Sold by weight, not meaning.
|Posted on Sunday, December 22, 2002 - 8:53 pm: |
No, but it looks impressive.
|Posted on Sunday, December 22, 2002 - 8:43 pm: |
You read it?
|Posted on Sunday, December 22, 2002 - 7:57 pm: |
Now that's a fuckin' REVIEW!
|Posted on Sunday, December 22, 2002 - 4:32 pm: |
I adored it. Considering the source material (TTT is the least interesting of the three books), Jackson did an amazing job of maintaining dramatic tension. (The way Tolkein structured the book, the Aragorn/Rohan/Merry&Pippen storyline was the first half of the book, and the Frodo/Samwise/Gollum thread was the second half, which means almost nothing happened between the middle of the book and the last 2 chapters. And if you though the scenes with the Ents dragged in the MOVIE...)
Visually, the film is simply incredible. The Battle at Helms Deep so raised the bar on movie battle scenes that it will be a decade before anybody tops it, at least. And Gollum was the first time I have ever seen an all-digital character WORK in a movie. Sure, there were moments where it was obvious that it was digital, but there were moments where it WASN'T. That alone is an achievment. More to the point, however, the freaking thing could ACT. You could see tension and conflict in its face, in it's BODY LANGUAGE. They gave a digital character body language.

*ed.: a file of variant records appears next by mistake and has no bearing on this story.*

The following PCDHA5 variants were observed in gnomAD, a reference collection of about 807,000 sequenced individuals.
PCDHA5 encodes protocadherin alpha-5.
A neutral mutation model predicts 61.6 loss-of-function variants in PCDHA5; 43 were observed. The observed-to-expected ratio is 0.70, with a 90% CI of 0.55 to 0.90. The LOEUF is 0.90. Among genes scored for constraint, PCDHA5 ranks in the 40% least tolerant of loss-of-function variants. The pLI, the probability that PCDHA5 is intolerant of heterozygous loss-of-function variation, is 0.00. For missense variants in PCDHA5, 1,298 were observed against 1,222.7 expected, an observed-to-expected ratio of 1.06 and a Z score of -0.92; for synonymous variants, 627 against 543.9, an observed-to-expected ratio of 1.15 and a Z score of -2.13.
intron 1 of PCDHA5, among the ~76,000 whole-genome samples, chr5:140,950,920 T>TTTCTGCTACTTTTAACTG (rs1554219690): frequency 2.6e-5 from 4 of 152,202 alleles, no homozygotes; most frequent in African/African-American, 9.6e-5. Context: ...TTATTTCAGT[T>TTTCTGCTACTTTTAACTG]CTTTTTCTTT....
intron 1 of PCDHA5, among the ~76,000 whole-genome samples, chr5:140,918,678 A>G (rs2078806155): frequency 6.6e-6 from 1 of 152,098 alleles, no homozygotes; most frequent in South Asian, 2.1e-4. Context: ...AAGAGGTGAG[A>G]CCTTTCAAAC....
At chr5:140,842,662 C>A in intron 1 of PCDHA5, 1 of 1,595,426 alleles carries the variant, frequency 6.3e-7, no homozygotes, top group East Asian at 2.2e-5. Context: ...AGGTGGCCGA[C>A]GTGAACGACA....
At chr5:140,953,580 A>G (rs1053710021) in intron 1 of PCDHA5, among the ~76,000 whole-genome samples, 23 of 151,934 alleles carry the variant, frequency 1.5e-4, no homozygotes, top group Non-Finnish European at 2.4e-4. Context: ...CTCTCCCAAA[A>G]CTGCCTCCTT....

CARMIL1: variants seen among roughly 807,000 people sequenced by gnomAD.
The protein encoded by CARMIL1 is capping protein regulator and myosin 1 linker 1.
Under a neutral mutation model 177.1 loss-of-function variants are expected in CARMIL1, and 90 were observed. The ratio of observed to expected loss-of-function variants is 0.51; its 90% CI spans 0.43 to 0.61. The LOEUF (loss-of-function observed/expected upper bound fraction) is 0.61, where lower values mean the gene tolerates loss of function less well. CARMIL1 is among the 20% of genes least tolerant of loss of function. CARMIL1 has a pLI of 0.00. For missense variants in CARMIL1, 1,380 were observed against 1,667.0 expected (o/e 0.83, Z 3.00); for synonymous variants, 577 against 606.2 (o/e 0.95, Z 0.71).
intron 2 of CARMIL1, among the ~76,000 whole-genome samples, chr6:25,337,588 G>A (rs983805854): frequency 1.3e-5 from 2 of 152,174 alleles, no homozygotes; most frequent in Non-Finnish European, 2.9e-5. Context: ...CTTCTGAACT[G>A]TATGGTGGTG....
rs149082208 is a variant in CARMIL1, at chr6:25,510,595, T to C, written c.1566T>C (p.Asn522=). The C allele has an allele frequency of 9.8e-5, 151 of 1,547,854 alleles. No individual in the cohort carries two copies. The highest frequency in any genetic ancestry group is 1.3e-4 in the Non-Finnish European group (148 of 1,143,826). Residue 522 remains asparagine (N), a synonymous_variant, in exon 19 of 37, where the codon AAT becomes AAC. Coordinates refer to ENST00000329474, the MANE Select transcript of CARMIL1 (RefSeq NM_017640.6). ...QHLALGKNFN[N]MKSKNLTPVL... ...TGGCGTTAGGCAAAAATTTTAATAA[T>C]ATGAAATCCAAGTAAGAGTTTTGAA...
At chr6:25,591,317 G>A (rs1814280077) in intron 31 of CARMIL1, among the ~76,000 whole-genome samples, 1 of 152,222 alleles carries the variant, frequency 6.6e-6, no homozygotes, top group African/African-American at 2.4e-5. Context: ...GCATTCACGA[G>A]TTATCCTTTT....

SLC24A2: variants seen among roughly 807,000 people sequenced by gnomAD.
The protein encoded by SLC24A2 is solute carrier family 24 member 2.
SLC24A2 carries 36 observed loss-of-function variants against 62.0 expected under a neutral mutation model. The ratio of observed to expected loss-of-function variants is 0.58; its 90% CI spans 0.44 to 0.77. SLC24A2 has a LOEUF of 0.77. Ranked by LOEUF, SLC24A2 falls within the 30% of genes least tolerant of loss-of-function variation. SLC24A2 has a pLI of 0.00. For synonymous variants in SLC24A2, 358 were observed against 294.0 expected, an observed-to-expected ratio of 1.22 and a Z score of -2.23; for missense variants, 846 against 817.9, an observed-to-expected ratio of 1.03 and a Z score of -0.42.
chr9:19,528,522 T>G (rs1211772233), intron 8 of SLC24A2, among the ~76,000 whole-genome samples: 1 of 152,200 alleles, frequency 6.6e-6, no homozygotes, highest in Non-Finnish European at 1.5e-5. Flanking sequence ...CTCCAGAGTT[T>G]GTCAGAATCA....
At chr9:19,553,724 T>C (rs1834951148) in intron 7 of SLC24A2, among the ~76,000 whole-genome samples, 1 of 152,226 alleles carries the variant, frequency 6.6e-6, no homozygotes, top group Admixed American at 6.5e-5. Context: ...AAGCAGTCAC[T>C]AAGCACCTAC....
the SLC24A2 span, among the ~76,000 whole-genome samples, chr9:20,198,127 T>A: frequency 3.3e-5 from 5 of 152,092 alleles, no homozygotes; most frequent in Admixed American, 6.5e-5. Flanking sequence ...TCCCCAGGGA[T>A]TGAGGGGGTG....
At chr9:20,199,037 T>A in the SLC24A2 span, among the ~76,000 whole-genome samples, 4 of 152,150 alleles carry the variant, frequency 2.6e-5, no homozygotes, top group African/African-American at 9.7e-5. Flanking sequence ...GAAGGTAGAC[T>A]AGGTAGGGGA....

It was flawed, of course. I was not totally comfortable with Gimli being demoted to comic relief, but better him than Sam, or even Merry, whose character was finally showing itself as something other than a clone of Pipin. Some of the dialogue sounded off; the writers didn't always suceed in blending Tolkein's prose with their own. And, from a geek's standpoint, I didn't like that they portrayed Faramir as tempted to take the Ring for himself, as his brother had been.
My only other real complaint is where they left the story. Jackson's "Fellowship" ended with events that actually took place at the beginning of The Two Towers, and yet his "Towers" ended without finishing the story of the book. I would much rather have seen Shelob now than have them throw in some new some encounter with the Nazgul at Osgiliath, and I think the ending in the book would have left the audience MUCH more anxious for the next film. Not to mention expanding the character of Samwise in the film. The ending that we got felt almost like Bakshi's version, like they just STOPPED, and threw in some voice-over monologues at the end to fill things out.
|Posted on Friday, December 20, 2002 - 6:37 pm: |